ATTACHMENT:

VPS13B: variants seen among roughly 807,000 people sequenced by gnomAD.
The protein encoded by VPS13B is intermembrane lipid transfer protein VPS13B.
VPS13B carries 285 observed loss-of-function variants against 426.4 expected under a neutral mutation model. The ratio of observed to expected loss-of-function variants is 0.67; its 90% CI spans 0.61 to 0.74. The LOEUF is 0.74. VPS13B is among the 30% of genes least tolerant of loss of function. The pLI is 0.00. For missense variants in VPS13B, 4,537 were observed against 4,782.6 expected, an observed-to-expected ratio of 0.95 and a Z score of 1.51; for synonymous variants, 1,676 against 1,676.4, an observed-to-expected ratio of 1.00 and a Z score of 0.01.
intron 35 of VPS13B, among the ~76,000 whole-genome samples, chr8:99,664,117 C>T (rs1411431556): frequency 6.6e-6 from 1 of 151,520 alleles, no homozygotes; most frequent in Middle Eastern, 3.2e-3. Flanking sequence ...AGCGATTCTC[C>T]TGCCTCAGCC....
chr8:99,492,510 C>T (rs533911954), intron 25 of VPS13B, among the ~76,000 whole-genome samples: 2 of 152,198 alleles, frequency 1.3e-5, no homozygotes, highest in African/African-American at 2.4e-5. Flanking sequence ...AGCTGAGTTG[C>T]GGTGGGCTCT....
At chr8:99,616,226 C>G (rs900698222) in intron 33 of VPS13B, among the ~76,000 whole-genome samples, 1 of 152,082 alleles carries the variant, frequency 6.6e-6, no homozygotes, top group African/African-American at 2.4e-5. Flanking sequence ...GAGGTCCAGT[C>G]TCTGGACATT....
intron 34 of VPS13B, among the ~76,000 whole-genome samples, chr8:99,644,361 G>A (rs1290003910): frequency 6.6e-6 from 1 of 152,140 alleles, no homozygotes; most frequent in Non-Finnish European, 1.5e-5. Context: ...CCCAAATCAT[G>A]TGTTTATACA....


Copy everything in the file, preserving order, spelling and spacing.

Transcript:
VPS13B: variants seen among roughly 807,000 people sequenced by gnomAD.
The protein encoded by VPS13B is intermembrane lipid transfer protein VPS13B.
VPS13B carries 285 observed loss-of-function variants against 426.4 expected under a neutral mutation model. The ratio of observed to expected loss-of-function variants is 0.67; its 90% CI spans 0.61 to 0.74. The LOEUF is 0.74. VPS13B is among the 30% of genes least tolerant of loss of function. The pLI is 0.00. For missense variants in VPS13B, 4,537 were observed against 4,782.6 expected, an observed-to-expected ratio of 0.95 and a Z score of 1.51; for synonymous variants, 1,676 against 1,676.4, an observed-to-expected ratio of 1.00 and a Z score of 0.01.
intron 35 of VPS13B, among the ~76,000 whole-genome samples, chr8:99,664,117 C>T (rs1411431556): frequency 6.6e-6 from 1 of 151,520 alleles, no homozygotes; most frequent in Middle Eastern, 3.2e-3. Flanking sequence ...AGCGATTCTC[C>T]TGCCTCAGCC....
chr8:99,492,510 C>T (rs533911954), intron 25 of VPS13B, among the ~76,000 whole-genome samples: 2 of 152,198 alleles, frequency 1.3e-5, no homozygotes, highest in African/African-American at 2.4e-5. Flanking sequence ...AGCTGAGTTG[C>T]GGTGGGCTCT....
At chr8:99,616,226 C>G (rs900698222) in intron 33 of VPS13B, among the ~76,000 whole-genome samples, 1 of 152,082 alleles carries the variant, frequency 6.6e-6, no homozygotes, top group African/African-American at 2.4e-5. Flanking sequence ...GAGGTCCAGT[C>G]TCTGGACATT....
intron 34 of VPS13B, among the ~76,000 whole-genome samples, chr8:99,644,361 G>A (rs1290003910): frequency 6.6e-6 from 1 of 152,140 alleles, no homozygotes; most frequent in Non-Finnish European, 1.5e-5. Context: ...CCCAAATCAT[G>A]TGTTTATACA....